Marxian Political Economy
IN MODERN society,, each of us, or each family for that matter, does not individually produce everything needed for daily use. Clearly, the extent of division of labour in modern society is immense. Earlier societies also shared the characteristic of social division of labour, though not to the same extent. What distinguishes modern capitalist societies, however, is the enormous development of markets and production for the market. The development of the world market, a relatively recent phenomenon in human history^ is very much the product of the capitalist development, first in western Europe, and subsequently all over the globe. The fact that in modern societies people produce things systematically with a view to selling them in the market and buying other things to satisfy their needs is denoted by saying that the economies of today are commodity-producing societies.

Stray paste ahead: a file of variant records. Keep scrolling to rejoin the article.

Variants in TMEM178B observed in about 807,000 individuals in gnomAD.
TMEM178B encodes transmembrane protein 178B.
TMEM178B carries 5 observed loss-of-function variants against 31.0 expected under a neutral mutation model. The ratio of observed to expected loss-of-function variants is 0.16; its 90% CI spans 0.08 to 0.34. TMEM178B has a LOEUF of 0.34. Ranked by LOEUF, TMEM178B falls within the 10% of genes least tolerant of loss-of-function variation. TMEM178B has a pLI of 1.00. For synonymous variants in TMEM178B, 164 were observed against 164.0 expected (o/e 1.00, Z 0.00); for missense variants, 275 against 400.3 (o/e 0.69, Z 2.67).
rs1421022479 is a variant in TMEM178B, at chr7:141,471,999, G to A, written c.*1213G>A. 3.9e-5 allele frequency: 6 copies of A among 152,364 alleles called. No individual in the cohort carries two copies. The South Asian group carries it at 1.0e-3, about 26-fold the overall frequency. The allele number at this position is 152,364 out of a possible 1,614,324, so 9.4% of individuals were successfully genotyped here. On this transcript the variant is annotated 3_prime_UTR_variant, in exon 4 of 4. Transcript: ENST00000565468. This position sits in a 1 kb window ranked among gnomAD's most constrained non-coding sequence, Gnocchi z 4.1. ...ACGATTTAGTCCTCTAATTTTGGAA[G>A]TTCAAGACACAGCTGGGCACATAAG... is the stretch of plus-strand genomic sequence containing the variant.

A commodity is not simply anything that is produced with a view to exchange. As Marx put it, "only such products can become commodities with regard to each other, as result from different kinds of labour, each kind being carried on independently and for the account of private individuals.'51 It follows from this definition that (a) division of labour in society is a necessary condition for commodity production, but not a sufficient one. For instance, in the ancient Indian village community,